Salgado’s photographs are uplifting and grand, evidence of the compassion and wonder with which he treats his subjects and of his readiness to view the ordinary as heroic (in this case, the laborer as goddess). His focus on black-and-white photography adds to the epic feel of his works. By leaving the color of various objects in his compositions ambiguous, Salgado allows for a degree of interpretation on the part of the viewer. So a vibrant scene of a crowd on a platform in Church Gate Station, Bombay, India, 1995, might take on a different significance when the subjects appear to all be wearing white, the color of mourning.
Fifty-three gelatin silver prints are on display at Sundaram Tagore Gallery, spanning twenty years of Salgado’s career, with selections from his latest series “Genesis” alongside older collections such as “Migrations,” “Workers,” and “Other Americas.” The exhibition coincides with a large-scale presentation of 245 photographs from “Genesis” at the National Museum of Singapore. This series is the outcome of an eight-year expedition during which Salgado travelled to some of the most remote regions on Earth to document the impact of globalization on landscapes, human tribes, and wildlife. It is a majestic and soulful paean to the planet.
Yeondoo Jung’s “Spectacle in Perspective,” curated by Nayoung Cho, is the artist’s first museum-scale solo exhibition in Korea since his being named Artist of the Year by the National Museum of Modern and Contemporary Art in 2007. Along with his early photographs, the exhibition presents one of Jung’s recent experiments with media technology, Virgil’s Path, 2014, and a collaborative performance and installation, Crayon Pop Special, 2014. Though the artist has introduced elements of advanced technology into his show, he maintains his interest in an age-old concern: the dreams and fantasies of ordinary people.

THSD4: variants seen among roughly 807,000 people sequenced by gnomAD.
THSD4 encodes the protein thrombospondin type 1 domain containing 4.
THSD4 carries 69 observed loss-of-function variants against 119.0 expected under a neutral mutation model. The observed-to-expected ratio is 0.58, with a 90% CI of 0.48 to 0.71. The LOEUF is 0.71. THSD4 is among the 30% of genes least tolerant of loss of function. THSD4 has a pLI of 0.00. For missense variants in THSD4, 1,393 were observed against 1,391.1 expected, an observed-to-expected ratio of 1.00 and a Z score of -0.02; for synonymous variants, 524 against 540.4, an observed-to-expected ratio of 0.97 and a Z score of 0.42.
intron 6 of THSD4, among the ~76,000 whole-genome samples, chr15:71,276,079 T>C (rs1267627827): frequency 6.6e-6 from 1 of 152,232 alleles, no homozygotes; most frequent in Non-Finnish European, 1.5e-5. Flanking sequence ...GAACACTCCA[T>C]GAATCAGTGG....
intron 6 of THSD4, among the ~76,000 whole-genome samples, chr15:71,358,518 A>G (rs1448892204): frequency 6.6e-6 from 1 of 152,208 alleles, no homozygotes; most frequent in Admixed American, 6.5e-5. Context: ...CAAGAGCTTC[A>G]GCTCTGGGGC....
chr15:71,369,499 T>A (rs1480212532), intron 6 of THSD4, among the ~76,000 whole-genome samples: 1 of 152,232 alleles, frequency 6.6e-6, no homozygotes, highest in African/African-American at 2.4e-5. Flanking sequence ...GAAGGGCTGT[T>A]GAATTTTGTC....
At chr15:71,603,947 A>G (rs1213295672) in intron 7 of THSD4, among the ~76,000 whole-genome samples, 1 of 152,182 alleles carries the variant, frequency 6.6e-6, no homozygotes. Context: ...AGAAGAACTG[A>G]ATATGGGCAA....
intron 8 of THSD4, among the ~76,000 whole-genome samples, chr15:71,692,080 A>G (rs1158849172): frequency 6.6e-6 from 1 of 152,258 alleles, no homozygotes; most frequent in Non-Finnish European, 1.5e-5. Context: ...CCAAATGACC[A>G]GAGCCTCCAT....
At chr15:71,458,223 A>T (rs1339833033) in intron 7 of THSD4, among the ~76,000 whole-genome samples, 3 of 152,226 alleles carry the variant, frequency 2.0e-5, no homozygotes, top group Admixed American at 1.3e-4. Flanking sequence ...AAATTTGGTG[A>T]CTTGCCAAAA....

Virgil’s Path is a virtual sculpture experienced via Oculus Rift, a head-mounted device originally designed for 3-D games. Deployed in front of Rodin’s imposing sculptural groupThe Gates of Hell, 1880–1917, part of the museum’s permanent collection, the device almost completely covers a participating visitor’s field of vision to create a virtual reality that overlaps with the actual scene of the sculpture. Looking through the headgear, gallerygoers watch Rodin’s hundreds of looming bronze bodies slowly transform into fleshy graphics that almost appear to be at arm’s length.